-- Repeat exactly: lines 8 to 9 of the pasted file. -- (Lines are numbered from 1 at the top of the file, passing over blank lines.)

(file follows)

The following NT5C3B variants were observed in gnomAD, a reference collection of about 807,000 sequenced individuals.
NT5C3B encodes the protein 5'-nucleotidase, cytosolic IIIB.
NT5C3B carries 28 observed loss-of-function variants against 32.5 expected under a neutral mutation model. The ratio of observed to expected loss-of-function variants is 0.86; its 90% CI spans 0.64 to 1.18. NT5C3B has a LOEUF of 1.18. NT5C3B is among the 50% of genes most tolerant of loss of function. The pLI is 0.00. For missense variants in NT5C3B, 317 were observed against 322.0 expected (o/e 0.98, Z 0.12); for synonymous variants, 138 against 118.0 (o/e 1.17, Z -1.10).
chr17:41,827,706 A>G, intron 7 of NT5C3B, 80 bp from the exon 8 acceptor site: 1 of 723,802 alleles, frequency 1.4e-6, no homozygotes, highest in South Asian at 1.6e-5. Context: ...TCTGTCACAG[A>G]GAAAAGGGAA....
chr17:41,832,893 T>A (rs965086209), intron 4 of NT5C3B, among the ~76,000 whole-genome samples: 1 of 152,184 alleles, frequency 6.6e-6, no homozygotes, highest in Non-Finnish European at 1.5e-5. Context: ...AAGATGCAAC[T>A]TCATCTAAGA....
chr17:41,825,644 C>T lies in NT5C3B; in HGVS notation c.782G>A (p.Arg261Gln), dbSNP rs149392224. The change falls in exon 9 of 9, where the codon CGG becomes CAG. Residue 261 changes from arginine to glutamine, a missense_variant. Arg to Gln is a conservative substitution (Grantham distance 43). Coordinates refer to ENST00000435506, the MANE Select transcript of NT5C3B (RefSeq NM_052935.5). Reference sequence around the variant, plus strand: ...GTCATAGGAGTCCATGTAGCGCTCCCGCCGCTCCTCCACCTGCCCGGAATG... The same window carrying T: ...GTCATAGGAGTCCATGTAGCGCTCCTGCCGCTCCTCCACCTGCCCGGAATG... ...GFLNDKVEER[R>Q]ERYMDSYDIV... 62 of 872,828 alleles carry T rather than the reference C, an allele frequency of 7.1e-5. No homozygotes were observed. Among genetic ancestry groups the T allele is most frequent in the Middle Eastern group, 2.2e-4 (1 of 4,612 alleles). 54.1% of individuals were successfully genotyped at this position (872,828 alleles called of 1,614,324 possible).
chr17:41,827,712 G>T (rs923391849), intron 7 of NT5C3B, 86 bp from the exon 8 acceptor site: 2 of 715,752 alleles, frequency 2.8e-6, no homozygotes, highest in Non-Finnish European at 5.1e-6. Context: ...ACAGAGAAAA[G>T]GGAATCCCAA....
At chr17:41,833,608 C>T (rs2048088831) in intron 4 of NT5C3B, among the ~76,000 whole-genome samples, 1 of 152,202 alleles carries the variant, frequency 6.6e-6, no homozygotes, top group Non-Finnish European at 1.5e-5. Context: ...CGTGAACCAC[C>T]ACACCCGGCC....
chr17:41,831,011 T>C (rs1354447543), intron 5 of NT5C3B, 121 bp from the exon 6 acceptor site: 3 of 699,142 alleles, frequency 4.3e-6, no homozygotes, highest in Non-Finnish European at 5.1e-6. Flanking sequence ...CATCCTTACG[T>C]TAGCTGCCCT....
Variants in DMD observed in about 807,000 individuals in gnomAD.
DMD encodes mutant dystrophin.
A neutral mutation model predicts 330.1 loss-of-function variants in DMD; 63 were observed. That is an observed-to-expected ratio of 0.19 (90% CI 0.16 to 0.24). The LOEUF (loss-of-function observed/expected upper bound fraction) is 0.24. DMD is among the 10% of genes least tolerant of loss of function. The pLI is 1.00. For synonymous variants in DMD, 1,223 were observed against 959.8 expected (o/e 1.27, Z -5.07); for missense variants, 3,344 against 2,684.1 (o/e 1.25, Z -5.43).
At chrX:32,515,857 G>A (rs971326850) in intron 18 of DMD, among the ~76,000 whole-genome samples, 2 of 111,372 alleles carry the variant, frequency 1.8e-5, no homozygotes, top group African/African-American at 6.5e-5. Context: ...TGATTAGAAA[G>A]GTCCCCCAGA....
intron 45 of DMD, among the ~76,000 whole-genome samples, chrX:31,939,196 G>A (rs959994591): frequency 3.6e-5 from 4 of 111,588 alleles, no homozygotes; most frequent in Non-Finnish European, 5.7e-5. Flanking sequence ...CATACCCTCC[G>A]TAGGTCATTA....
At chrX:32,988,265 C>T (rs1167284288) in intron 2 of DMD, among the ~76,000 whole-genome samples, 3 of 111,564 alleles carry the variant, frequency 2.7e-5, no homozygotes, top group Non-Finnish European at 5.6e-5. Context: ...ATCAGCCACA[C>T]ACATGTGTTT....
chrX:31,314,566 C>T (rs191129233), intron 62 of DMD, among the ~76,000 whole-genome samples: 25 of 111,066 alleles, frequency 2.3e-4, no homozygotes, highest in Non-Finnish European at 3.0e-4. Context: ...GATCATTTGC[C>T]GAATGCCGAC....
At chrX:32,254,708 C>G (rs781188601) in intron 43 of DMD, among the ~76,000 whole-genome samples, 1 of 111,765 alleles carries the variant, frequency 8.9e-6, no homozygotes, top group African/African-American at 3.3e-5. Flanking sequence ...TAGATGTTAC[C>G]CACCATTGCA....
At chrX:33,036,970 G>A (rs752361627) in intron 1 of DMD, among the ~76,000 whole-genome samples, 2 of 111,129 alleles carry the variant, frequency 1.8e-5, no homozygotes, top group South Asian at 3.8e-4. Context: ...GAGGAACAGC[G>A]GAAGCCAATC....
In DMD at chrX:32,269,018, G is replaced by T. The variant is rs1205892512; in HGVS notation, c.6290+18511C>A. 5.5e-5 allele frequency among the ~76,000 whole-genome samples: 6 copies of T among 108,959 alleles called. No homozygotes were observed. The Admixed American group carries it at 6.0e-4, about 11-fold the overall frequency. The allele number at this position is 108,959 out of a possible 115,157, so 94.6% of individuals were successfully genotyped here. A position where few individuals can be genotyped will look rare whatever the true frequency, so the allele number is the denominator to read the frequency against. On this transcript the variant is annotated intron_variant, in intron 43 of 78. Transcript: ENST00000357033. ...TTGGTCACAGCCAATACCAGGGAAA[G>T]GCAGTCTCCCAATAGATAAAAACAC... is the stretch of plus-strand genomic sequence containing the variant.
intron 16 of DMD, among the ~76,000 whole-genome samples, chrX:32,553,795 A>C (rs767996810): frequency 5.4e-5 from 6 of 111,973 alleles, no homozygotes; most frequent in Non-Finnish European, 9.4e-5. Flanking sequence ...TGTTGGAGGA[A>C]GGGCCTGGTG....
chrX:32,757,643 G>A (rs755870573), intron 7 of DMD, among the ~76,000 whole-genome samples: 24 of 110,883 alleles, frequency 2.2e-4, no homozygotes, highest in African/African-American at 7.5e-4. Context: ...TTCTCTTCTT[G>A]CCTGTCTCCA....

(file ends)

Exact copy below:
At chr17:41,833,608 C>T (rs2048088831) in intron 4 of NT5C3B, among the ~76,000 whole-genome samples, 1 of 152,202 alleles carries the variant, frequency 6.6e-6, no homozygotes, top group Non-Finnish European at 1.5e-5. Context: ...CGTGAACCAC[C>T]ACACCCGGCC....
chr17:41,831,011 T>C (rs1354447543), intron 5 of NT5C3B, 121 bp from the exon 6 acceptor site: 3 of 699,142 alleles, frequency 4.3e-6, no homozygotes, highest in Non-Finnish European at 5.1e-6. Flanking sequence ...CATCCTTACG[T>C]TAGCTGCCCT....